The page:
Do You Have A Case?

Irritable Bowel Syndrome (IBS) is the most common condition that gastroenterologists will diagnose. It can also be referred to as Irritable Colon, Spastic Colitis, Mucous Colitis, or Spastic Colon. If you are living with IBS, then you understand the pain and difficulty that this condition can cause. IBS can be severe enough for some individuals to be debilitating.

Is Irritable Bowel Syndrome a Disability?

Irritable Bowel Syndrome can be considered a disability, in the event that your symptoms appear frequently or severely enough. If your IBS symptoms hinder your ability to work, you may be able to qualify for long-term disability insurance. An IBS diagnosis is not enough to convince an insurance company that it is debilitating. Rather, you will have to prove how your IBS limits your ability to perform at your job.

What are the Disabling Symptoms of IBS?

IBS can cause uncomfortable and distressing flare-ups where the individual suffers from symptoms. These flare-ups generally last 2-4 days at a time but can be longer. This generally depends on the severity of one’s condition. Common symptoms of Irritable Bowel Syndrome include:

  • Stomach pains and cramping
  • Excess gas
  • Constipation
  • Diarrhea
  • Swollen Abdomen
  • Mucus in stools

Additionally, IBS can manifest symptoms in other areas of the body. These are less common but can contribute to the disabling nature of your condition. These symptoms include:

  • Frequent urination
  • Joint/muscle pain
  • Chronic fatigue
  • Headaches
  • Irregular menstrual cycles

Emotional Distresses of Irritable Bowel Syndrome

In addition to the physical symptoms of your IBS, you may be living with emotional distress because of your condition. Irritable Bowel Syndrome can be a stressful and sometimes embarrassing condition. It can lead to awkward situations and bathroom emergencies that can be emotionally draining. Some individuals report anxiety and depression caused by living with their condition. If you develop emotional symptoms such as anxiety or depression because of your IBS, this can contribute to your insurance claim.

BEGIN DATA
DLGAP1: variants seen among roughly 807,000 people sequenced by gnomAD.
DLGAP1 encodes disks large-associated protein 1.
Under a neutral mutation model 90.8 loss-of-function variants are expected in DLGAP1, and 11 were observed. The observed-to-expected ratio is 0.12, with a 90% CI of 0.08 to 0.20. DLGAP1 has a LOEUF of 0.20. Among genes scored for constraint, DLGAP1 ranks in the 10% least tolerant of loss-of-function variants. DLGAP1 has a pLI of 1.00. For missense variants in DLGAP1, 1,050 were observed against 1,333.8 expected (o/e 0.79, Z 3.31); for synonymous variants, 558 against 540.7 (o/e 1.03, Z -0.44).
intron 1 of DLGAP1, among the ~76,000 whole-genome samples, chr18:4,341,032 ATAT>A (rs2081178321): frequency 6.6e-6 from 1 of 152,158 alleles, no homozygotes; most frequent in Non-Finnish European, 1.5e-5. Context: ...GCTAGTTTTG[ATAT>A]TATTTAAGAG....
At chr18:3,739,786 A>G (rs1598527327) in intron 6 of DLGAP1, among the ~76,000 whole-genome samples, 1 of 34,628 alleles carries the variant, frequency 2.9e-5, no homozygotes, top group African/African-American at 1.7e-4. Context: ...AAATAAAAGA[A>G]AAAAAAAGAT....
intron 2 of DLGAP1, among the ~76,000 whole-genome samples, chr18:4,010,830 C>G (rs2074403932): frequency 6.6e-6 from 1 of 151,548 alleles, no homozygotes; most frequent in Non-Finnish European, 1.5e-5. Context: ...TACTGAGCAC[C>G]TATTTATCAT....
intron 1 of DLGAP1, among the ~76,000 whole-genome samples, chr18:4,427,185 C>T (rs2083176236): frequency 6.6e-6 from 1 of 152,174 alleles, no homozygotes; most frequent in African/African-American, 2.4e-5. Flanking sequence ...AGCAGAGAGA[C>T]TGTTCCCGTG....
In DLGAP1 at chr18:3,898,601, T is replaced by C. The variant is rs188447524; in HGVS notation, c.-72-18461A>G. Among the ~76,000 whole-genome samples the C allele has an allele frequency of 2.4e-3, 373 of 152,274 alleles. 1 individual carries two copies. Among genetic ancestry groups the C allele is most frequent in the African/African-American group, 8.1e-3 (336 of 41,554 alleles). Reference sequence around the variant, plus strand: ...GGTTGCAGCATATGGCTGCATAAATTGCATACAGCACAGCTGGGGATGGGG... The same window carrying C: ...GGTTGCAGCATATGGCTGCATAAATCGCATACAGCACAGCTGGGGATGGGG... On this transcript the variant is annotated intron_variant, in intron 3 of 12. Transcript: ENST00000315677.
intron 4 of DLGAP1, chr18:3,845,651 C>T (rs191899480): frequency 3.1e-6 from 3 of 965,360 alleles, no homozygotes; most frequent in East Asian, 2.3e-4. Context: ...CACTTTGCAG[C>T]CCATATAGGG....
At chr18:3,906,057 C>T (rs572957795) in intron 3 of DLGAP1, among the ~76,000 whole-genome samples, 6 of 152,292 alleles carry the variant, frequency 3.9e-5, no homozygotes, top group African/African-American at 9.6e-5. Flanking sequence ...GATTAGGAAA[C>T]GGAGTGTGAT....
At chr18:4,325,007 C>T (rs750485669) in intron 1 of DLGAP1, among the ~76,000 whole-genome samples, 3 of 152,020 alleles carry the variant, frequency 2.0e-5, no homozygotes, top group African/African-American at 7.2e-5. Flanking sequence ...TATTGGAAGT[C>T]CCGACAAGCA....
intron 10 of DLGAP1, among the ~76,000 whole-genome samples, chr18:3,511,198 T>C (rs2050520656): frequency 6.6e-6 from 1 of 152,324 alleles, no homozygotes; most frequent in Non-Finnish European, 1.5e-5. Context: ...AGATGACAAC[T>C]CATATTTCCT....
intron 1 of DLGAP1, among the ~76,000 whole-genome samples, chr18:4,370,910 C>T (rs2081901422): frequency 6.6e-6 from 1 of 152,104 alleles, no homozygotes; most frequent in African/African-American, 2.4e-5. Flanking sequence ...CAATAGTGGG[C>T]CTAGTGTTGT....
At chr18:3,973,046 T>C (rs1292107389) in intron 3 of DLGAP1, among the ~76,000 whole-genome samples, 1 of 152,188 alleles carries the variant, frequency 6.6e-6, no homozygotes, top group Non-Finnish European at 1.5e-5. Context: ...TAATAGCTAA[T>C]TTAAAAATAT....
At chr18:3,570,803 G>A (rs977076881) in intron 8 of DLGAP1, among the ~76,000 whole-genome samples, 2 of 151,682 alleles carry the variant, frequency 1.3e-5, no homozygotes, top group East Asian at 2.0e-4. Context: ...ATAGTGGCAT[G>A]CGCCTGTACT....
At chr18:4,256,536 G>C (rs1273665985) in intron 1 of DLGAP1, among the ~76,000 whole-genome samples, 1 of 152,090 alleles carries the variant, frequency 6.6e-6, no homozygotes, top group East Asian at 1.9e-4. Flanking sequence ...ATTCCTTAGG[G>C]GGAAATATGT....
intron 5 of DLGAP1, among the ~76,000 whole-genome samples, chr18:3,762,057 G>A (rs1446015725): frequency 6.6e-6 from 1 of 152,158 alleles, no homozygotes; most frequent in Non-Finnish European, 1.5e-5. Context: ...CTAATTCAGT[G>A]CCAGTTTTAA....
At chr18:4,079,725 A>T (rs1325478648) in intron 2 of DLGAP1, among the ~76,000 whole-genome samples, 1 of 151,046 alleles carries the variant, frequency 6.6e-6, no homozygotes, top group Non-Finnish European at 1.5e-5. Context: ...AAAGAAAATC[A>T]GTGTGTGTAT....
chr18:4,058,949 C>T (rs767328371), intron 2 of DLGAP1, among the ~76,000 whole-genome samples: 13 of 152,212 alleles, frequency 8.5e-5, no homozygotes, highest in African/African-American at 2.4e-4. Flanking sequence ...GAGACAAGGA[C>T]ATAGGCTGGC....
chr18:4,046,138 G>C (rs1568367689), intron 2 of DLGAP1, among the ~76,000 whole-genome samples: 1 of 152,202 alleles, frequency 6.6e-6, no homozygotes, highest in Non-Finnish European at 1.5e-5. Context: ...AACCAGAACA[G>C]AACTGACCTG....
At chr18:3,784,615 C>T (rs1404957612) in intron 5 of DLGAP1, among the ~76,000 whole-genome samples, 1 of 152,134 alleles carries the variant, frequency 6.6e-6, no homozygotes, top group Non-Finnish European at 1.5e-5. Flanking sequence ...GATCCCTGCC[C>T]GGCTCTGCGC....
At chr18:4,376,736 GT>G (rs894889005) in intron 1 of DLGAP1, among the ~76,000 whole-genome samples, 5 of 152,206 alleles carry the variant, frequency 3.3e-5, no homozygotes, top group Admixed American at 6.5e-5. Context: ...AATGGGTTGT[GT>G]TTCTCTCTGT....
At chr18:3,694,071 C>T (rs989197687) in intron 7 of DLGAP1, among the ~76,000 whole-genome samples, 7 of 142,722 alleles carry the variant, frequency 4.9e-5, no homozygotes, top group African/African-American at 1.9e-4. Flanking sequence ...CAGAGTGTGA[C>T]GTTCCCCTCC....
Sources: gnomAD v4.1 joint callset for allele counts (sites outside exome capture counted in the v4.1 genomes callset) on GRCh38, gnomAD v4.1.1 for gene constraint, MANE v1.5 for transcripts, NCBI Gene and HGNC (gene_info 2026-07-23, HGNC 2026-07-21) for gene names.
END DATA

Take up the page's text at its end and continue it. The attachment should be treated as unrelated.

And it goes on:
However, you will need to prove that these symptoms are secondary to your IBS. Otherwise, the insurance company may try to dismiss your physical symptoms as a product of mental illness, rather than a physical condition.

However, you will need to prove that these symptoms are secondary to your IBS. Otherwise, the insurance company may try to dismiss your physical symptoms as a product of mental illness, rather than a physical condition.

Can IBS Limit My Ability To Work?

If your IBS symptoms are severe or frequent enough, it could limit your ability to work enough to be disabling. Generally, the long-term disability insurance company will not understand the full impact of your condition on your ability to perform at work. Because of this, your claim will have to show how each of your symptoms can limit your job performance.